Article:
- An equation form to fit to.
- A function to quantify the error, which is to be minimized.

For a circle, the form of equation we want to fit to is

\[r^2=(x-a)^2 + (y-b)^2.\]

Maxima's lsquares package removes the burden of item number 2 for us. But for interest's sake, the error function we want to minimize can be given as

\[r^2=(x-a)^2 + (y-b)^2.\]

Maxima's lsquares package removes the burden of item number 2 for us. But for interest's sake, the error function we want to minimize can be given as

\[\mathrm{r}\left( a,b\right) =\frac{\sum_{i=1}^{n}\sqrt{{\left( {x}_{i}-a\right) }^{2}+{\left( {y}_{i}-b\right) }^{2}}}{n}\]

\[\mathrm{SSE}\left( a,b\right) =\sum_{i=1}^{n}{\left( \mathrm{r}\left( a,b\right) -\sqrt{{\left( {x}_{i}-a\right) }^{2}+{\left( {y}_{i}-b\right) }^{2}}\right) }^{2}.\]

Recalling that \(\sum_{i=1}^{n}(\bar{x}-x_i)^2 = \sum_{i=1}^{n}{x_i}^2 - (\sum_{i=1}^{n}{x_i})/n\), we see that

\[\mathrm{SSE}\left( a,b\right) =\sum_{i=1}^{n}\left({\left( {x}_{i}-a\right) }^{2}+{\left( {y}_{i}-b\right) }^{2}\right)-\frac{{\left(\sum_{i=1}^{n}\sqrt{{\left({x}_{i}-a\right) }^{2}+{\left( {y}_{i}-b\right) }^{2}}\right)}^{2}}{n}.\]

\[\mathrm{SSE}\left( a,b\right) =\sum_{i=1}^{n}\left({\left( {x}_{i}-a\right) }^{2}+{\left( {y}_{i}-b\right) }^{2}\right)-\frac{{\left(\sum_{i=1}^{n}\sqrt{{\left({x}_{i}-a\right) }^{2}+{\left( {y}_{i}-b\right) }^{2}}\right)}^{2}}{n}.\]

###
**lsquares_estimates()**

Given a set of points in matrix form (m), we need only to use the equation of a circle and indicate which are the data point variables and which are the "solve for" variables. In our problem,lsquares_estimates(m, [x,y], (x-a)^2 + (y-b)^2 = r^2, [a,b,r]);

will suffice. The following function can be used to check the SSE.

sse(a, b, r, pts) := sum((r-sqrt((pts[i][1]-a)^2+(pts[i][2]-b)^2))^2,i,1,length(pts));

### Testing for Reasonableness

It is reasonable to ask whether least squares (or other data fitting methods) will reliably produce good results with a particular quality of data for a particular application. This is true for any problem. What if the math works fine, but the likelihood of being able to "math filter" the likely errors in the data to reach an accurate answer is not so high? In other words, how much inaccuracy in the collected data can you tolerate and still have a reasonable expectation of getting to the right answer? I'm not going to attempt to deal with probabilities (per se) or confidence intervals, but look at a simulation approach that may be able to give you an idea of the reasonableness of the circle fit based on an (intuitively) estimated amount of random error in your data.### Simulation of Circular Arc Data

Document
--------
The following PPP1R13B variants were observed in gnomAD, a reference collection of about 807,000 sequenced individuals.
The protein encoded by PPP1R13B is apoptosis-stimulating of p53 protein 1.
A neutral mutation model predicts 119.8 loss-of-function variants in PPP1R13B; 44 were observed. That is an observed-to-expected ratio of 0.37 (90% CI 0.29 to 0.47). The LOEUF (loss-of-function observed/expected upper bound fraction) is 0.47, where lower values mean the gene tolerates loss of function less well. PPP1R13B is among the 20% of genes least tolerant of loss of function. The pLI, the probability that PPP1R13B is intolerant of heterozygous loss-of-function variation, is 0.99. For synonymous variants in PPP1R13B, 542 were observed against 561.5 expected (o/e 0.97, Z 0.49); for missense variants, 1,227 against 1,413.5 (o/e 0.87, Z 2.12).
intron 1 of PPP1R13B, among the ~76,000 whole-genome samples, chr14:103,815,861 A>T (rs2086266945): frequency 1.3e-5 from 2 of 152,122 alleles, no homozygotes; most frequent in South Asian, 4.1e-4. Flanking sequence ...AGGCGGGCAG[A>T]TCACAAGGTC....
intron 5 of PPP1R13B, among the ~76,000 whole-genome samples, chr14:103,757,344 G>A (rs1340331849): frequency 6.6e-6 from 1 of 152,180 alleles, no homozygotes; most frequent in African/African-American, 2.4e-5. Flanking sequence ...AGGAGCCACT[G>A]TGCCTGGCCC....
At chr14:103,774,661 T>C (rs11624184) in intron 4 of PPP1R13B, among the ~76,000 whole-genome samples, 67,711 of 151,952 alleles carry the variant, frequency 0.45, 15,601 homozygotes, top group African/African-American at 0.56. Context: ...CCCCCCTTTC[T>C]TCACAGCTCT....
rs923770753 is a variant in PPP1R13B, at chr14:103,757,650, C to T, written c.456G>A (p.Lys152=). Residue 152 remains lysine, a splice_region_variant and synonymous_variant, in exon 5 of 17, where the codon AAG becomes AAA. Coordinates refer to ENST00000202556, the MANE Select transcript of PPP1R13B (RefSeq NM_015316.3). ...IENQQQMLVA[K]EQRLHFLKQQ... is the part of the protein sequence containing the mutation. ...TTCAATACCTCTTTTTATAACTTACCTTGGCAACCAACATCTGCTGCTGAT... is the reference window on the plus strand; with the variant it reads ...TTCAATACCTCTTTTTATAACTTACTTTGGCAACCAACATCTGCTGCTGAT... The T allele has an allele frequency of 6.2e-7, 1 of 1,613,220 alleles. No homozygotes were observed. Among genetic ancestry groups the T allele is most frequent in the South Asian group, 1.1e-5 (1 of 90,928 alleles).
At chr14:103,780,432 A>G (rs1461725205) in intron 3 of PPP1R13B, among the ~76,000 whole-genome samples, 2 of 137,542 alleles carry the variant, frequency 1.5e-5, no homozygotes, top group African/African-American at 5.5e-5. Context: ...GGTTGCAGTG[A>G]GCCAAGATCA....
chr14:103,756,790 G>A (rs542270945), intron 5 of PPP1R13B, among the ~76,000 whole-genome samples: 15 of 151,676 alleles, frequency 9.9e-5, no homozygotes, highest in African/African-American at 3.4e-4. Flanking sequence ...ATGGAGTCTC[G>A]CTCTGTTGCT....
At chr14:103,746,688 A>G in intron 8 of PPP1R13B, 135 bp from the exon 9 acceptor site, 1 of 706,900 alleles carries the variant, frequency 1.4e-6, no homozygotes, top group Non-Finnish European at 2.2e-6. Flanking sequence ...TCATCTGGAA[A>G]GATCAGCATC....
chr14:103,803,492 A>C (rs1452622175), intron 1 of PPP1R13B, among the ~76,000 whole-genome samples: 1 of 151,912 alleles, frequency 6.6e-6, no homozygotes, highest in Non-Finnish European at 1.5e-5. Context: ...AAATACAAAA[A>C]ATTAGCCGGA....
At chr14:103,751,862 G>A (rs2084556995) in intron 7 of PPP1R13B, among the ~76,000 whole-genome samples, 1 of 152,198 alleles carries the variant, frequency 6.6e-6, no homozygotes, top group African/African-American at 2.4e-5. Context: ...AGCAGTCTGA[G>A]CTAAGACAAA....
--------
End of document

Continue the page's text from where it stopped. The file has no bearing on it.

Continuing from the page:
We will consider the problem of data collected, using a total station, of a circular arc, with an "as-built" scenario particularly in view. As such, auto-generated sample points should simulate the expected behaviors of a rod/prism person stepping out regular sample locations from start to end of an ostensibly circular arc. This can be implemented as random normal perturbations of a circular arc.One of the first pieces to a realistic perturbed circle is to be able to apply randomization that follows a normal distribution given an expected value and a standard deviation. Maxima has a function that behaves this way. random_normal() can be called with an expected value and standard deviation and optionally with a number of values to generate. Here is a sample use and output of the function, pictured using the histogram function:

load(distrib)$

load(draw)$

histogram(

random_normal(50.0, 1.0, 1000),

nclasses = 10,

xrange = [40,60]);

Fig. 1. Normally distributed data |

The standard deviation should be chosen such that roughly two-thirds of the time (≈68%), the sample value will be within one standard deviation of the mean; that is, on the interval \((\bar{x}-\sigma, \bar{x}+\sigma).\)

Where the radius is concerned, we have the relatively predictable variations of the prism person's actions and the relatively unpredictable variations of the ostensible circular arc, which could turn out to not be an arc at all. In the absence of any sort of meaningful solution to this latter variation, we could possibly just bump up the standard deviation. But I'm not clear on whether this is a meaningful thing to do in assessing the acceptability of the data collection precision. The error should be "small" if the thing we measured conforms well to a circle. In order to check for whether this is "small" you need to produce a standard deviation from the SSE: \[\sigma_{SSE} = \sqrt{\frac{SSE}{n-1}}\] In the scenario we're dealing with here, someone would probably draw the computed arc in a CAD program and compare it to the measured data points and in an "arm-waving" sort of way decide whether it looks good or not.

Here is the perturbedArc() function with a sample usage:

Fig. 2 - This is a perturbed circular arc. Doesn't look very perturbed does it? If we bumped up the standard deviation of the radius enough, we'd get something more clearly perturbed. |

m: MakeMatrix(pts)$

lsquares_estimates(m, [x,y], (x-a)^2 + (y-b)^2 = r^2, [a,b,r]);

subst(%[1],sse(a,b,abs(r),pts));

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